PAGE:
UPDATE 1-Cannae Holdings, hedge fund Senator Investment Group bid for CoreLogic

(Adds details on plans, closing stock price)

BOSTON, June 26 (Reuters) - Investment firms Cannae Holdings and Senator Investment said on Friday they had offered to acquire CoreLogic Inc for $7 billion, sending shares in the property data and analytics company surging more than 28%.

Cannae and Senator, which jointly hold an economic interest of roughly 15% in CoreLogic, are offering $65 a share in cash and said the proposal is “well in excess of what the company can achieve under its current plans.”

The company’s stock price ended trading at $67.95 on Friday.

“We would seek to reignite growth at CoreLogic, increasing operating efficiency, and improve overall allocation of scarce capital resources,” Cannae Holding’s chief executive officer, Richard Massey, and Senator partner Quentin Koffey wrote to the board.

CoreLogic said it “will carefully review the proposal.”

Cannae last year was part of an investment group that acquired data and analytics company Dunn & Bradstreet Corp for $6.9 billion. Bill Foley, Cannae’s chairman, is also chairman of title insurer Fidelity National Financial Inc, and has over three decades of experience as an executive in the financial services industry.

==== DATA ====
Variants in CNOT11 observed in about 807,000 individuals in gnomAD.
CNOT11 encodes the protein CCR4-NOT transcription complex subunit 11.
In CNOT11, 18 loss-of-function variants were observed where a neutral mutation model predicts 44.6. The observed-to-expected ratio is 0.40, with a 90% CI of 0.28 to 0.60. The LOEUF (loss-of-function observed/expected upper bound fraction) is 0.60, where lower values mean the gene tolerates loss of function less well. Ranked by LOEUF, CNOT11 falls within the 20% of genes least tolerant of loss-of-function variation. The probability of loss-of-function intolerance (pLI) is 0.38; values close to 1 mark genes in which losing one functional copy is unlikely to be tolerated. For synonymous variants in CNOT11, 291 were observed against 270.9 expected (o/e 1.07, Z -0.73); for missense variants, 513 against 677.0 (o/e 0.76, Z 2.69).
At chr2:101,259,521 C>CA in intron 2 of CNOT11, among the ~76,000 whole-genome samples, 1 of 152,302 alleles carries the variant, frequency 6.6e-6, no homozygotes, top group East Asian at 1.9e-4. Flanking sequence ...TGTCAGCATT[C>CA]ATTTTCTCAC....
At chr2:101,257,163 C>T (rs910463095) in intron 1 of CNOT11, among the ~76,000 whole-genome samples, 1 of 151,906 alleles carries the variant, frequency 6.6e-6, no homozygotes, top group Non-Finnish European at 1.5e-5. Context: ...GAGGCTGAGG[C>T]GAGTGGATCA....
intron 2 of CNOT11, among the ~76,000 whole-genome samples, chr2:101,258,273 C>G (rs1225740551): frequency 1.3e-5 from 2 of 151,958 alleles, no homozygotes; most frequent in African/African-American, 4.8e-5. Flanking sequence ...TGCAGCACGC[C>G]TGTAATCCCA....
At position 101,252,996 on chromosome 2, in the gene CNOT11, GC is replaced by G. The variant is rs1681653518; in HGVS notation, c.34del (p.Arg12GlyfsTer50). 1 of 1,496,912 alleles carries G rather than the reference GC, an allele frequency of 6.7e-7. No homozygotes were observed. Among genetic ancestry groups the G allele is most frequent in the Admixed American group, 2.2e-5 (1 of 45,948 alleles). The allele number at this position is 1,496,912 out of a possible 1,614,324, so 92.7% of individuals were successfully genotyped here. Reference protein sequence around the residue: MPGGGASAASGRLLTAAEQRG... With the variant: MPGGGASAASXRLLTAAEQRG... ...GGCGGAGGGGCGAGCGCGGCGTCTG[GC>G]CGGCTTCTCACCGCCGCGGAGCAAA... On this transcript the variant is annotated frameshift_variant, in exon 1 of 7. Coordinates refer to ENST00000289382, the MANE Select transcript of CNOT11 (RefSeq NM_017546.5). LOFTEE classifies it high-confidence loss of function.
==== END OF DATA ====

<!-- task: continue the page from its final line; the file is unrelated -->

Senator boosted its shareholder activism muscle last year by poaching Quentin Koffey from a larger hedge fund, D.E. Shaw.

Cannae and Senator said they could sign a definitive merger agreement within four weeks after seeing relevant documents. They said they had secured $3.6 billion in equity financing and were “highly confident” they would get debt from the deal “from a large national bank.”

They also warned that they were prepared to call a special shareholder meeting to challenge CoreLogic’s board if they do not get their way.

So far two sides have not had any discussions, and CoreLogic is in the process of hiring advisers to review the offer, according to people familiar with the deliberations.

Cannae and Senator also called on CoreLogic to form a special board committee to review their offer. This is because they regard this as best practice in corporate governance, rather than identifying a conflict with any of CoreLogic’s directors, one of the sources added. (Reporting by Svea Herbst-Bayliss in Boston Additional reporting by Greg Roumeliotis in New York Editing by Tom Brown and Jonathan Oatis)